posted by sien at 2:26 PM on February 15, 2007


I find OO fine for basic word processing. Certainly, for writing papers, you shouldn't have any difficulty with using it. I find it more challenging for things like version tracking and change management when working on collaborative documents.
posted by jacquilynne at 2:30 PM on February 15, 2007


For text (OO Writer or MS Word) documents, I have had no problems composing, opening, or saving documents, though I sometimes need to reformat the line-drawings and figures if I am saving a second-generation or older file that has swapped between programs. Regarding presentations and other scholarly applications, I used OO Impress in place of PowerPoint for all the slides of a technical course last semester, with no major problems (embedded video was inconsistent at first, but I resolved it). The only thing that makes me occasionally want to load into MS Word is the suboptimal formatting of "Track Changes" documents in OO
posted by zachxman at 2:34 PM on February 15, 2007


My old computer came with Microsoft Works, which is just a bloody oxymoron, so I've been using Open Office for about two or three years now. I only use it for basic data input in spreadsheet and writing assignments in word, but it's definitely a lot more user-friendly (and even customizeable) than MS Word was.

Some things might take a bit of getting used to, like different features located in different tabs compared with Word or Works or what have you, but that's just two clicks into the Help menu for a really tiny learning curve. I'd definitely rec it over Word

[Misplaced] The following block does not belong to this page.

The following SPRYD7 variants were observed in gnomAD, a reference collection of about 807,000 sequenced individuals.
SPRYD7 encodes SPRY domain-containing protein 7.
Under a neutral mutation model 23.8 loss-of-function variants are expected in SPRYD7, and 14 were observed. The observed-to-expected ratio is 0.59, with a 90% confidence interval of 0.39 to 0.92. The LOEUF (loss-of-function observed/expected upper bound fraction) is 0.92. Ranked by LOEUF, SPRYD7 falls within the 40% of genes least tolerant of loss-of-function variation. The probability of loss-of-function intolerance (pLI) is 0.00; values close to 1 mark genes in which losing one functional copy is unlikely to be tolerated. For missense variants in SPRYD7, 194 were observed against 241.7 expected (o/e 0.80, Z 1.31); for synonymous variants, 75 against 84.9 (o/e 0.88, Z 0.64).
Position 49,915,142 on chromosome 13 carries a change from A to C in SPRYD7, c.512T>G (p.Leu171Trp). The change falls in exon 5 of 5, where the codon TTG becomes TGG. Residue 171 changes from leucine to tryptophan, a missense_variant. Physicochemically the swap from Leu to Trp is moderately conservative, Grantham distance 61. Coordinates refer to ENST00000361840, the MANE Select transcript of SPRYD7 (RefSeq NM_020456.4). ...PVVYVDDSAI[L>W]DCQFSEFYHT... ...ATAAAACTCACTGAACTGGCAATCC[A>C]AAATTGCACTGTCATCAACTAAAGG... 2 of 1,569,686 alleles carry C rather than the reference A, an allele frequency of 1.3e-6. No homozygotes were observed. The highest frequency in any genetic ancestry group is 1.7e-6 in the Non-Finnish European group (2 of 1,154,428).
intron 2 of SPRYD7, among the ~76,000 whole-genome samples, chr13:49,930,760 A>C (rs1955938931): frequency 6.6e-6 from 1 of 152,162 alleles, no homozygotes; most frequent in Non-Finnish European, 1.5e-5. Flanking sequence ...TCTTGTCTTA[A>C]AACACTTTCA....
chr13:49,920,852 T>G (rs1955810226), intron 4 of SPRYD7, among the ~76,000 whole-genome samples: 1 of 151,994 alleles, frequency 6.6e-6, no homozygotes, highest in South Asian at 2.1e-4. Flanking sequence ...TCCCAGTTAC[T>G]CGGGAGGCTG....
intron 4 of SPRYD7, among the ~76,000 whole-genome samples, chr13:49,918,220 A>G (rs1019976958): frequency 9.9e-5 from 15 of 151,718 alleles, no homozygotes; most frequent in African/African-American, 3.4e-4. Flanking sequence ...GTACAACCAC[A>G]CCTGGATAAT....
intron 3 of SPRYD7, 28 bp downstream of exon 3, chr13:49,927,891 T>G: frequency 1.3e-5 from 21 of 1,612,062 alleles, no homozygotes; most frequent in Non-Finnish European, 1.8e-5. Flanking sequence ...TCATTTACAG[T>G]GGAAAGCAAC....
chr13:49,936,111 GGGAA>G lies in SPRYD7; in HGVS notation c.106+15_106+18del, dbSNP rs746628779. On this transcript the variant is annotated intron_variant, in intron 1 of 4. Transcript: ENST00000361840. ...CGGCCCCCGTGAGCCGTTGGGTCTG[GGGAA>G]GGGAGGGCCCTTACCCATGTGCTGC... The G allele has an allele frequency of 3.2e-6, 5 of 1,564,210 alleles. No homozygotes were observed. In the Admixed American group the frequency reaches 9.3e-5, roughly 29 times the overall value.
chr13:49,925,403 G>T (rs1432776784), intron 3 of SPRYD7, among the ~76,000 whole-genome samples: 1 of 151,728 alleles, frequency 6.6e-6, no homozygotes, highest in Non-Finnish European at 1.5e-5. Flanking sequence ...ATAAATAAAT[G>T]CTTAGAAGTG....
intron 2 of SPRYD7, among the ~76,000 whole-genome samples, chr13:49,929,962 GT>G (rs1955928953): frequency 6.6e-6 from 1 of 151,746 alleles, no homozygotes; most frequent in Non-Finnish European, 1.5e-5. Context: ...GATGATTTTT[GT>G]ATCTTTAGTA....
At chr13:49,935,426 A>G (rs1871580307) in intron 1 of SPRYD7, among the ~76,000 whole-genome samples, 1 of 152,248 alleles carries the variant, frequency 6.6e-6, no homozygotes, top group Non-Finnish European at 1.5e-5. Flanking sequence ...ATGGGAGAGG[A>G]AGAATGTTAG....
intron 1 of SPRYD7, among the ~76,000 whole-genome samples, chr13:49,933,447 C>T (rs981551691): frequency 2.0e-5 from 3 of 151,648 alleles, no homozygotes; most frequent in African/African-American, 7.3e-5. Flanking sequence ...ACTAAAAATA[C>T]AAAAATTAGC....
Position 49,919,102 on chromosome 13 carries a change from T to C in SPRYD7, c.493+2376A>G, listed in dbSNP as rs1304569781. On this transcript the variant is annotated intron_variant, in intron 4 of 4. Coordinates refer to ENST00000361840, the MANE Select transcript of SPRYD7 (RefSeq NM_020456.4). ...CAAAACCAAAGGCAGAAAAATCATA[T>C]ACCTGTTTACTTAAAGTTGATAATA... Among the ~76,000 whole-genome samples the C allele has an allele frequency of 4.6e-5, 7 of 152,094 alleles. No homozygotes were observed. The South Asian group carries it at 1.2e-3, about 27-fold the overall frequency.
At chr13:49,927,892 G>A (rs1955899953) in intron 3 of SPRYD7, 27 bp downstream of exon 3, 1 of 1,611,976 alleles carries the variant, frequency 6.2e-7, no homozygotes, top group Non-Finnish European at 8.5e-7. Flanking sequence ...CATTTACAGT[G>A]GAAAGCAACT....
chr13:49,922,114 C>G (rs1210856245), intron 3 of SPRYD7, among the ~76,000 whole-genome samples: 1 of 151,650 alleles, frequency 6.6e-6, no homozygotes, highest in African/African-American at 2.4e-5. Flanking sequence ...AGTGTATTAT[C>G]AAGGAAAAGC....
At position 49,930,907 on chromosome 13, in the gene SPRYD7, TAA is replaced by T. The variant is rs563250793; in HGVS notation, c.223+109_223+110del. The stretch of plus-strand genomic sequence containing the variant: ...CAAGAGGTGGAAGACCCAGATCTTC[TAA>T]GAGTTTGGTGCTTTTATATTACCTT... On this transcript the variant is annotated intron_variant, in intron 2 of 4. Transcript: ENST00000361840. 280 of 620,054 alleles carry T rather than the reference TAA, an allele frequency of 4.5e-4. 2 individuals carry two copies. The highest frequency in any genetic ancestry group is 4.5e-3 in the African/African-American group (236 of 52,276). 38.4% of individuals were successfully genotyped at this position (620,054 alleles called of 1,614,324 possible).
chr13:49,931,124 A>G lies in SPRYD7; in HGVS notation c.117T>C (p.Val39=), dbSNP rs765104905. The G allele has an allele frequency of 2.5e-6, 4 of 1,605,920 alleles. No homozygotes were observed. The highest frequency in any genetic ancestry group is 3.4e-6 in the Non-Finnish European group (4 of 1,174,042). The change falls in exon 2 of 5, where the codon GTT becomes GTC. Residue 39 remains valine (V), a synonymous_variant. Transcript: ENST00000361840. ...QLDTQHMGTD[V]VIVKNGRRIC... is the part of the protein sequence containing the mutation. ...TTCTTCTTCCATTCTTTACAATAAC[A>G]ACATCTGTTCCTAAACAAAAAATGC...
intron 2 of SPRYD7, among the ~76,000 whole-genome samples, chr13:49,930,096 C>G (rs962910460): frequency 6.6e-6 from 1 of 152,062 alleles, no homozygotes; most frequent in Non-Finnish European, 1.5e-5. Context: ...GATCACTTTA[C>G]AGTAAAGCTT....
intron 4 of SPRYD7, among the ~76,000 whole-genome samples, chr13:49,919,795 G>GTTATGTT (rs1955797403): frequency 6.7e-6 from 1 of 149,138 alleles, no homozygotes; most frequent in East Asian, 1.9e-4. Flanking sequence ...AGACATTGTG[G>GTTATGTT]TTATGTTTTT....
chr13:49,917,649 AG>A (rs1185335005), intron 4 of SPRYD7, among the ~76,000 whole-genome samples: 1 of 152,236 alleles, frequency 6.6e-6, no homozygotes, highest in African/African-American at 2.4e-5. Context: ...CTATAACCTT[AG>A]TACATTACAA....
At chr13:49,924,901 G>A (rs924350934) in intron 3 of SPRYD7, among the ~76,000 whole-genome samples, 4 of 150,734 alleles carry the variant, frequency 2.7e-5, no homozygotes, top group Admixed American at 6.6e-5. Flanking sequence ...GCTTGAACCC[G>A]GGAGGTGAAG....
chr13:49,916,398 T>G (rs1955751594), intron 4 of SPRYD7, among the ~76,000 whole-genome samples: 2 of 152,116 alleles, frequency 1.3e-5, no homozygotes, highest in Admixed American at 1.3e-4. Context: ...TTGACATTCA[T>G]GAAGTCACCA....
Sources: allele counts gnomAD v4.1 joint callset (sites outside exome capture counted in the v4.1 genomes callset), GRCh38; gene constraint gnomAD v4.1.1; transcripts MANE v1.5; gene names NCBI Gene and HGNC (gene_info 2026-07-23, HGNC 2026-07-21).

posted by Phire at 3:15 PM on February 15, 2007


Open Office's word processor doesn't seem to do margins very well. Maybe I just haven't figured out how it does margins ... but it damn sure doesn't work as well as Word.
posted by jayder at 3:25 PM on February 15, 2007


I use the portable version of OpenOffice.org, so I can take my templates, notes, and correspondence everywhere, on a USB-stick. [Which makes it easier to keep my work synchronized as well]

The one thing I did do though, was changing all the built-in shortcuts to the ones used in Microsoft Word. It is impossible to untrain more than ten years of use of the same software.

And another thing I noticed. If you don't use its database, turn off the java-engine in the preferences, and the software will start much quicker. Likewise, boost up its memory allocation.
posted by ijsbrand at 3:30 PM on February 15, 2007


Open Office, do it. My sister just went through grad school with it, I run my business with it. My parents don't seem to have a problem with it (although they still call it Word).
posted by zackola at 3:38 PM on February 15, 2007


Open Office doesn't do "track changes" as nicely as Word does, at least from what I saw. Word provides a list of the comments on the right side of the screen, with dashed lines going to place that your colleague changed the document. OO marks where the changes were made with a little yellow box but you have mouse over them to actually read the comments. Not a huge deal but I found it annoying enough that I just used Word in that situation.